- TOP PLAYERSOffensePABLO S. TORRE | August 20, 2012
- TAMPA BAY buccaneersENEMY lines WHAT A RIVAL COACH SAYSJune 28, 2012
- Faces in the CrowdJune 11, 2001
Mike Barrowman, normally the most unflappable of men, was staring hard at the scoreboard in the King County Aquatics Center, just south of Seattle, last Friday night. He gaped, tore off his goggles and gaped again. What Barrowman beheld was strange: 2:11.53. Barrowman's own world record for the event, the 200-meter breaststroke, had been 2:12.89, more than a second slower than the time showing on the scoreboard. "It took me a second to grasp it," Barrowman said later.
Barrowman, a Michigan senior, needed a world record just to win, for hard on his heels came a flotilla. Tying for second in 2:12.24, also under the world mark, were Kirk Stackle, a recent Texas grad, and Spain's Sergio Lopez, who trains with Barrowman at the Curl-Burke Swim Club in a suburb of Washington, D.C. It's fair to say the trio's magnificent swim brought the 1990 Goodwill Games to life.
For U.S. swimmers, the Goodwill competition was a critical test before the world championships in Australia in January, and some of them—for example, Melvin Stewart and Summer Sanders—reached startling new heights. Stewart, a junior at Tennessee, swam the 200-meter fly in 1:57.05, chopping .70 from Pablo Morales's six-year-old American record. And Sanders, an incoming Stanford freshman whose name evokes balmy beaches rather than competitive ferocity, handed the seemingly indomitable Janet Evans a stunning defeat, her first loss in the 400-meter IM since 1986.
Overall, the performances in Seattle hinted at a global shifting of power in the sport—particularly among the women. The East Germans, who won 13 of 16 gold medals at the 1986 world championships and 10 of 15 golds at the Seoul Olympics, were a shadow of their usual mighty selves. They did not claim a single individual gold in the meet's first three days. "They're down a little at this meet," said U.S. women's coach Richard Quick. "But they will be a force to be reckoned with at the world championships."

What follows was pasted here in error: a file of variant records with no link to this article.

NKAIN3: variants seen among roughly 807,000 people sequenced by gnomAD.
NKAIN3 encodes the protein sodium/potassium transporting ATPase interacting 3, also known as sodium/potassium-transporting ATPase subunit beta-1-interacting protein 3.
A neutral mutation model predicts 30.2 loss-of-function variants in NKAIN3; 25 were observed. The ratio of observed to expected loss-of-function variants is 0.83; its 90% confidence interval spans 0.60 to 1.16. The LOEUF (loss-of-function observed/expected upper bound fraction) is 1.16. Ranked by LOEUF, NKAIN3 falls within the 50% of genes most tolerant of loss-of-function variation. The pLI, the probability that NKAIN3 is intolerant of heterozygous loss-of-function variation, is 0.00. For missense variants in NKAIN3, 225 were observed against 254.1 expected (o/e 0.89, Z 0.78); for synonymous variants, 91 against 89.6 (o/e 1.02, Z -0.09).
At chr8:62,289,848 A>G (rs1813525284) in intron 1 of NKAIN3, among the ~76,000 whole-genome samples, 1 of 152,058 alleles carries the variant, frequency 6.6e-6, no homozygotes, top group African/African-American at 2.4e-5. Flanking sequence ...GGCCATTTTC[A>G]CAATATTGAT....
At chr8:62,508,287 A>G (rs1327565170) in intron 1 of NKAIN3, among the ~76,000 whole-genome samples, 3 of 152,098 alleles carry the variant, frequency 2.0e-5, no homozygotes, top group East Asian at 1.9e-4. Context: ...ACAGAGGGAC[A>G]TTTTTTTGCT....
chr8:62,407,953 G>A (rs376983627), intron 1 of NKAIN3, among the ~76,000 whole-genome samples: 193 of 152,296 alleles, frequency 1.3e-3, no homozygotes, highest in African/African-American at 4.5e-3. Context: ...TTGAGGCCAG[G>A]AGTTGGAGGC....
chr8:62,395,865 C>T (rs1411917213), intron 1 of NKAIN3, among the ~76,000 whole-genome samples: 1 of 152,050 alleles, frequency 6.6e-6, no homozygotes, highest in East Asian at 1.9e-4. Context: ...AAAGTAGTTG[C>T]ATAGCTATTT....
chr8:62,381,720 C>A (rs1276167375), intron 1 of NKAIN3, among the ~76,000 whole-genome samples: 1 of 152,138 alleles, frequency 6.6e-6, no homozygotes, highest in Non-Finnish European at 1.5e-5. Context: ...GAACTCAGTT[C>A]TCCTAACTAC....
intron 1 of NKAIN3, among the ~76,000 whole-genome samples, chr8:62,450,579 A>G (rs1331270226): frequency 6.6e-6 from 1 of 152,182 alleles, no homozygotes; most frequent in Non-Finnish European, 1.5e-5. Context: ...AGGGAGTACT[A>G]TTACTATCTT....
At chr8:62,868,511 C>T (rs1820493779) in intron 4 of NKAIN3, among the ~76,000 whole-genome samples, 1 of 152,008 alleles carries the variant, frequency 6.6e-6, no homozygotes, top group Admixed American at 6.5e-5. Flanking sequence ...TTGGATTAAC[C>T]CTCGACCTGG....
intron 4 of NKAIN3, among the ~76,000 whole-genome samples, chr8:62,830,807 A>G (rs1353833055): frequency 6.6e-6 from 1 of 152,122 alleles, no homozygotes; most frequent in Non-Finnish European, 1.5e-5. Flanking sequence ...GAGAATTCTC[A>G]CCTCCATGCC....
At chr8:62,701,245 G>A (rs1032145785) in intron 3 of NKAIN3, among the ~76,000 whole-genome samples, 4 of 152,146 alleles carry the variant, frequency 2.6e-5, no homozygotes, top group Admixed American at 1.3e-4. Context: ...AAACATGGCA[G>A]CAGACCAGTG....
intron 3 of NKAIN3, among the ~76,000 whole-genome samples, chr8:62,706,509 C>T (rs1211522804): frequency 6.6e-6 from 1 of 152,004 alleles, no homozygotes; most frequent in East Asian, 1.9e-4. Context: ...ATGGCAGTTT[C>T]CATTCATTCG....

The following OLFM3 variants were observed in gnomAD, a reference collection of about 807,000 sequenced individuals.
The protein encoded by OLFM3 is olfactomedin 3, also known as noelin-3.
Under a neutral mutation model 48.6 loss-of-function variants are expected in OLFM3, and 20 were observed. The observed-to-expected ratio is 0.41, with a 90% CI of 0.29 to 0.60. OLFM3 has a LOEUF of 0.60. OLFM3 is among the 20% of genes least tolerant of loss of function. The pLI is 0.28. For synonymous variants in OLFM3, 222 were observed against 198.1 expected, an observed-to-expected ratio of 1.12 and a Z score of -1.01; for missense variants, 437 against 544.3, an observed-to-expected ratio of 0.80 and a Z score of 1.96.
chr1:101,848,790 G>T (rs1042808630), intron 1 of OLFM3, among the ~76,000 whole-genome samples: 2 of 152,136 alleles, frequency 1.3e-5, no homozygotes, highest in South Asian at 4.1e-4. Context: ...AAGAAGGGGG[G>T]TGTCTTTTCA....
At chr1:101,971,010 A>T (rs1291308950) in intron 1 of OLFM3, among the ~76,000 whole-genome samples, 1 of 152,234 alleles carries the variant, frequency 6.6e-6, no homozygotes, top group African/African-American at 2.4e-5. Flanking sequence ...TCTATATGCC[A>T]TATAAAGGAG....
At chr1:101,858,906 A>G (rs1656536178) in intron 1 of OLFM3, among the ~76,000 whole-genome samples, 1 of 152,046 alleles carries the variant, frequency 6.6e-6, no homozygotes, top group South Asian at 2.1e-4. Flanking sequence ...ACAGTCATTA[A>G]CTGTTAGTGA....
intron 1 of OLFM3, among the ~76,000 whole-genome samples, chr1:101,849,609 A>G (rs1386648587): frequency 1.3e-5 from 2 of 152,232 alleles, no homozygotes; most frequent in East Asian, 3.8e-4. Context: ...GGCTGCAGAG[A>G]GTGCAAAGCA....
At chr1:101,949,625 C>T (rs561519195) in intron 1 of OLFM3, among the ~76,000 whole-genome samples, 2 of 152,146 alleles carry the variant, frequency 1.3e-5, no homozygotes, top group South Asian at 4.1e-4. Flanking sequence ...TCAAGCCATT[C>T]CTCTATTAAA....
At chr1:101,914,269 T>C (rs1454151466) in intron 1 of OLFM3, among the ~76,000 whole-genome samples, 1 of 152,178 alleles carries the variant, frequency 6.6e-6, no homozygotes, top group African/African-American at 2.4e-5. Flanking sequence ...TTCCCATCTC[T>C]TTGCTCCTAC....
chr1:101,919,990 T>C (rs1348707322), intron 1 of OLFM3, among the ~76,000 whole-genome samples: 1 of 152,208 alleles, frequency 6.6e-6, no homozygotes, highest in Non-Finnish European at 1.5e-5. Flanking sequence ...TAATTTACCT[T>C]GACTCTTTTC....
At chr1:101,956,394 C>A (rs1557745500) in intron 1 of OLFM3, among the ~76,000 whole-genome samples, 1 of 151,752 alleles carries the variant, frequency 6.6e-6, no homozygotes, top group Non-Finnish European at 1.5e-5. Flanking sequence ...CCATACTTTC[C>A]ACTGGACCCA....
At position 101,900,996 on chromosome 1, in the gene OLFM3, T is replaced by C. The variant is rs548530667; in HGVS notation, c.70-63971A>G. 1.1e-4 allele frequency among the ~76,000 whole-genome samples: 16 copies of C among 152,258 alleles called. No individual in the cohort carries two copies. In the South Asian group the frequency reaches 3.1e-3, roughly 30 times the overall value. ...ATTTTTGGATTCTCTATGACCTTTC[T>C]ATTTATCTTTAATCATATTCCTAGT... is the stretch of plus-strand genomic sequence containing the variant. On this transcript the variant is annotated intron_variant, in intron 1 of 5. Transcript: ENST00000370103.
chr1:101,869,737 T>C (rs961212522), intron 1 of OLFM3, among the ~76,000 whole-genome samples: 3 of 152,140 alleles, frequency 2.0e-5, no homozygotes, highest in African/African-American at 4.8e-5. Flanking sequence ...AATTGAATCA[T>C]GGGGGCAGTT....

So, too, it seems, will Barrowman. Since May 1, when he went home to Potomac, Md., and resumed training at the Curl-Burke, he and Lopez have pared life down to its barest essentials. "We swim six or seven hours, go to a movie, then sleep," Barrowman said. "The only people I see are Sergio and the coaches."
Foremost among those coaches is Jozsef Nagy, the demanding Hungarian who has coached Barrowman since the swimmer was 17 years old. Using Nagy's "wave-action" technique, which employs a forward lunge at the top of each stroke, Barrowman finished a disappointing fourth in the 200 breaststroke in Seoul, but then he lowered the world record twice last summer. "Our workouts are intense," said Barrowman. "[Lopez and I] didn't do as much as we've done before, but everything we did was faster."
At the start of the race, Barrowman shot into the water. But even faster was Stackle, two lanes to Barrowman's right, who reached the halfway point in 1:03.97. Inches behind, Barrowman was unperturbed. "Every race I've ever swum, I've been behind the first 100," he said.
Barrowman drove off the wall and covered the third 50 in 33.28, faster than anyone else in the race. "I had to," he said. "I had to get way ahead." No one got close. Barrowman touched home well in front of his nearest pursuers. Lopez came on mightily to catch Stackle at the wall.
Experts struggled to put Barrowman's swim into perspective. "That's 10 feet ahead of where he was a year ago," said Jeff Dimond, the longtime spokesman for U.S. Swimming. Nagy, who seems loath to waste the little English he's worked so hard to learn by offering idle compliments, said simply, "Not so bad—2:11."
Barrowman now has the luxury of comparing his growing stash of record times. "Technically, this wasn't all that great a swim," he said. "The last 30 meters I couldn't get the stroke to be perfect."